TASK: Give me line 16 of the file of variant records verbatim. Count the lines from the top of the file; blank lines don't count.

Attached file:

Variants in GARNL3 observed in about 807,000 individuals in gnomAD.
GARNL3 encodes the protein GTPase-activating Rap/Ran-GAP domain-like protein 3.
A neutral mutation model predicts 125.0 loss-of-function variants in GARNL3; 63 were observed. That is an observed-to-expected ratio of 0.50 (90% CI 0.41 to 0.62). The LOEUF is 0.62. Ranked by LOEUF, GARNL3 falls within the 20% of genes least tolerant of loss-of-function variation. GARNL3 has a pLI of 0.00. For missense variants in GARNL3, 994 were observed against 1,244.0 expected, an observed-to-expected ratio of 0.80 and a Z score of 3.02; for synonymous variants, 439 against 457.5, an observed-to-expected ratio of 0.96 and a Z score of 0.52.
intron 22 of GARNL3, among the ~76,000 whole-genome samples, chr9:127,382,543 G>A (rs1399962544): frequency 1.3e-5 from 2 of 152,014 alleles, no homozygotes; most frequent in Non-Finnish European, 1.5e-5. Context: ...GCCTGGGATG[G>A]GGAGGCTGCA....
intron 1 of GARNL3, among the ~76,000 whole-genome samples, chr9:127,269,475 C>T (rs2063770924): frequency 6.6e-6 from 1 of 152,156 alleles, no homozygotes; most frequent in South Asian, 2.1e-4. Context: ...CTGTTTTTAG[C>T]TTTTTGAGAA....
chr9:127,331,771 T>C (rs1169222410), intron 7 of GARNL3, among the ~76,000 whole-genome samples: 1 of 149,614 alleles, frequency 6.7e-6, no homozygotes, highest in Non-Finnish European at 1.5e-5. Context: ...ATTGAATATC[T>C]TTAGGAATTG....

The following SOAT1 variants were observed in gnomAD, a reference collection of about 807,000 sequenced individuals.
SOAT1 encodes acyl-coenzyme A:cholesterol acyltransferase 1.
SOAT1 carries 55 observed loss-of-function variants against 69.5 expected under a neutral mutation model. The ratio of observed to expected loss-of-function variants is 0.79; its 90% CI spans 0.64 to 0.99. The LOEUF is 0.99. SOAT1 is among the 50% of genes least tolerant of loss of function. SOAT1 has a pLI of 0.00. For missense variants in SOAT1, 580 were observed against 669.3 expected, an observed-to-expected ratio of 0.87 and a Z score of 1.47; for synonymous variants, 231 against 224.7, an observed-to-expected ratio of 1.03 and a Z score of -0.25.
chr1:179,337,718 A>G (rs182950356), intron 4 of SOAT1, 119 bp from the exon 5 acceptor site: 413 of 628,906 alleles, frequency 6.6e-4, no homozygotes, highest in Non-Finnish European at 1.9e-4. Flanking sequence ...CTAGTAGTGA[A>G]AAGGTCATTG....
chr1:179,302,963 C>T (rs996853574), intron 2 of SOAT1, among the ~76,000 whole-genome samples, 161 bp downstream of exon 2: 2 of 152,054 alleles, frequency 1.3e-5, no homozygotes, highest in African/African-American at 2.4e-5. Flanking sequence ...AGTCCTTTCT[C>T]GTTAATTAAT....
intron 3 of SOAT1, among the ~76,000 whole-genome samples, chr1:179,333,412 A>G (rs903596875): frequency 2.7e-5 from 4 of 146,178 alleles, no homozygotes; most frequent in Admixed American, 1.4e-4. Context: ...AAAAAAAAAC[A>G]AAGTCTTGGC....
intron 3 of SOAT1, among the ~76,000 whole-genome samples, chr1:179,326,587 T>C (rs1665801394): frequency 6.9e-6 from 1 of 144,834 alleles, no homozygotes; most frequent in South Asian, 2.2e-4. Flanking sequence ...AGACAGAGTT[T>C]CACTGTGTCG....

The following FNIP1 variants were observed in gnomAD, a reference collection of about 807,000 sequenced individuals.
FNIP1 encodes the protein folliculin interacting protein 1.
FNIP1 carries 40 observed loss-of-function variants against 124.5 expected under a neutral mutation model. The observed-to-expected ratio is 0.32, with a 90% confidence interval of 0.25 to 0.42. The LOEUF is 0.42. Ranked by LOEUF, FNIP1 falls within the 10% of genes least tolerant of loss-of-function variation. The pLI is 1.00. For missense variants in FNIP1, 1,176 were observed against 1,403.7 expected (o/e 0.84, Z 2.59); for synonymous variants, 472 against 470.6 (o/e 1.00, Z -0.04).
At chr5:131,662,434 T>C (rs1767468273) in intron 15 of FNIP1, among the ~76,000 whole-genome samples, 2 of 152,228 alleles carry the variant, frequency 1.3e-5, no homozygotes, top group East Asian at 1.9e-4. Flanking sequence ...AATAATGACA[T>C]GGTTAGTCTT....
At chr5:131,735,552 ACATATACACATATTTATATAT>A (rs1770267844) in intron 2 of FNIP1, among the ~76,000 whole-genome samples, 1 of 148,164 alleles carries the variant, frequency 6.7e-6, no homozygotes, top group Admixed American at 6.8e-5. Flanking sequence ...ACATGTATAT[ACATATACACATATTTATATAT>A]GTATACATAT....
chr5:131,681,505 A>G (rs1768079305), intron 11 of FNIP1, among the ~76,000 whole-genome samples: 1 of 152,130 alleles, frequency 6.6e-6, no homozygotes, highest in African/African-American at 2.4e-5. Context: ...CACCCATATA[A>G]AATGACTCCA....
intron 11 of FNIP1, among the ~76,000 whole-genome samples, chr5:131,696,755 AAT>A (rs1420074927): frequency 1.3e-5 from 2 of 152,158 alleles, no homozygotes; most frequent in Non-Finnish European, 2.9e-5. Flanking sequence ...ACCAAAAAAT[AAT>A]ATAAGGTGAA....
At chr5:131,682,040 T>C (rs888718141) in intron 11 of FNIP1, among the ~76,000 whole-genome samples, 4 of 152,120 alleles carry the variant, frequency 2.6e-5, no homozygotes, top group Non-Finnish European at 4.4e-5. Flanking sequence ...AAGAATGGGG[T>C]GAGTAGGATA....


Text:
FNIP1 carries 40 observed loss-of-function variants against 124.5 expected under a neutral mutation model. The observed-to-expected ratio is 0.32, with a 90% confidence interval of 0.25 to 0.42. The LOEUF is 0.42. Ranked by LOEUF, FNIP1 falls within the 10% of genes least tolerant of loss-of-function variation. The pLI is 1.00. For missense variants in FNIP1, 1,176 were observed against 1,403.7 expected (o/e 0.84, Z 2.59); for synonymous variants, 472 against 470.6 (o/e 1.00, Z -0.04).